1. What are your feelings when it comes to the thinking that the governments emphasis on opioids and the addictive qualities has taken away from the ability to manage patients pain and the inappropriate use which leads to addiction? Which in turn is actually hurting pain sufferers.   It’s annoying hoops to go through in order to get their medication. Even with the hoops, people who are determined enough to get the medication will find a way to get it, legally or not.

  1. There is a stereotype out there that all those in “Pain” or on “opioids” are nothing more than addicts. Or, it’s all just in our heads? When you hear someone say one of these or something else similar, what’s your first thought?   They don’t know what it’s like to be in so much pain, and that their opinion probably would change if they had to endure that (though, of course, I don’t wish that on anyone).

  1. Where do you go? Who do you talk to? What sites do you go on, when you have just had to much?   I have joined a couple of groups on Facebook that are about the same medication that I’m on. People will ask questions, offer advice, and vent about their pain there.

  1. Do you think your family, spouse or friends truly understand what and how your chronic pain is affecting you both physically and mentally?   I think my parents (especially my mom) understand how it affects me. I think my boyfriend understands it somewhat from my venting, but he probably doesn’t truly understand because he’s only seen me in pain once. I don’t really talk about it with my friends, though they do know about it.

  1. How much is, too much?   When I am bedridden because it’s too painful for me to get up and walk around.

  1. What type of treatments have you tried to rid you of your pain? Which works best?   I’ve been using ibuprofen and ice since I started the medication. I used hydrocodone for the first couple of years. I had to raise the dose once, and when that wasn’t satisfactory, my doctor and I decided that switching to Percocet was a good idea. I’ve been on that for a couple of years now, and it gets the pain down to a manageable level. I’ve also tried different gels for pain. Some of them didn’t seem to work, and others worked a bit, but I mostly stopped using them because I can get more relief from medication and ice.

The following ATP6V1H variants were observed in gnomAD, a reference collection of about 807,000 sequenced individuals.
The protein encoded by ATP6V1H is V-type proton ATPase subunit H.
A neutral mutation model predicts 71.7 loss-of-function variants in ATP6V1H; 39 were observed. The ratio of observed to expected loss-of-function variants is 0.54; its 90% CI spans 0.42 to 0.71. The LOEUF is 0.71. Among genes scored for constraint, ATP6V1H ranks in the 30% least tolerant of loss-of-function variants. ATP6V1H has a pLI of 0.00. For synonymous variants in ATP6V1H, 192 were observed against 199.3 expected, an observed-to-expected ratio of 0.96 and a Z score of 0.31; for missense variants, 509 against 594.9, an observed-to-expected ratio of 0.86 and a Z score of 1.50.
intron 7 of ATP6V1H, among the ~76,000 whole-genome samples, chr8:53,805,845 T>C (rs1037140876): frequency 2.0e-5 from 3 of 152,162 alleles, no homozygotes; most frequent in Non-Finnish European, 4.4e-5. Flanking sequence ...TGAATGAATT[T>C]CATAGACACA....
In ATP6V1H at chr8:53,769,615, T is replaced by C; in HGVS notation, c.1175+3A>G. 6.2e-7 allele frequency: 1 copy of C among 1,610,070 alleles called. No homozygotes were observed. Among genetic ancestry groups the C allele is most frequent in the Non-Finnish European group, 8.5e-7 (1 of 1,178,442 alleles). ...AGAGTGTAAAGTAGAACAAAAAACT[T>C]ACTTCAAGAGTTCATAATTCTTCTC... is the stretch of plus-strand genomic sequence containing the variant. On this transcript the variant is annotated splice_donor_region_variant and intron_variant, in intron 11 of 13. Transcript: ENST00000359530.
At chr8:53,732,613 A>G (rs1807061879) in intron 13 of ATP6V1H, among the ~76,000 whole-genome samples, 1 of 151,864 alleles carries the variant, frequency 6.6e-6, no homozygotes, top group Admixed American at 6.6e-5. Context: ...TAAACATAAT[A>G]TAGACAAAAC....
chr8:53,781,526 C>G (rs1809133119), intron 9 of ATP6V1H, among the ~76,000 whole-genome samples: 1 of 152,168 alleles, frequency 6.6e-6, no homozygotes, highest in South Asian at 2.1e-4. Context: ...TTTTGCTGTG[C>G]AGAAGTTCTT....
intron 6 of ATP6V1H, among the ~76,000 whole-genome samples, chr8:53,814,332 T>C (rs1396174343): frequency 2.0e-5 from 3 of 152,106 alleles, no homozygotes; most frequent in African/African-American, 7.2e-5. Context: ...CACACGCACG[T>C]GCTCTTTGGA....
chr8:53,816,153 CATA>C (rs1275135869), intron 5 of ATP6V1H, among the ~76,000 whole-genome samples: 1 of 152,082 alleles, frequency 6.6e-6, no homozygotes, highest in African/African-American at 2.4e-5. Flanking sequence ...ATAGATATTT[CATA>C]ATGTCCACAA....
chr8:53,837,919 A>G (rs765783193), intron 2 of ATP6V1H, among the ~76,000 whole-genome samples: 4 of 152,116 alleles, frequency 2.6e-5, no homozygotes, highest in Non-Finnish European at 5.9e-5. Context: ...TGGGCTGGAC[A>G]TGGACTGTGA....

1. Have you found anyone or anything that actually helps with your pain relief?    Other than everything mentioned above, not really.

  1. What’s treatments are in your pain relief toolbox? (massage, medication, ice/heat, physical therapy)?    Ibuprofen, Percocet, and ice are the must-haves. Sometimes I’ll use heat or pain-relief gels if I feel I need them.

  1. What is your best piece of advice on how to best communicate when you’re in extreme pain?Just tell your caregiver what you need them to do to help you while you’re in pain. They’ll probably be more than happy to help 🙂

  1. What is the best piece of advice you can give someone new to chronic pain?   It’s OK to ask for help.

  1. How do you stay in a good place with all of the physical issues you go through in a day?    I remind myself that tomorrow is a new day and that my pain and tiredness will probably be better then. I also look forward to when I can take pain meds or lay down.

  1.   How do you stay in a good place with all of the mental issues that go along with controlling chronic pain?    I just try to take things day by day, and I try to keep busy so I don’t dwell on any negative feelings.

  2. How much of your day do you devote to your pain and trying to keep it in check?   When I’m in pain, I have to remember when to take my pain meds and remember that I need to keep applying ice. I also usually have to lay down and take a nap when I’m in pain, and that takes up about an hour.

  1. Do you tell people near you when you need help or when you’re in so much pain you need a break, at home? At work?I try to let my parents help me with things when I’m in pain, but sometimes it’s difficult to ask for help 🙂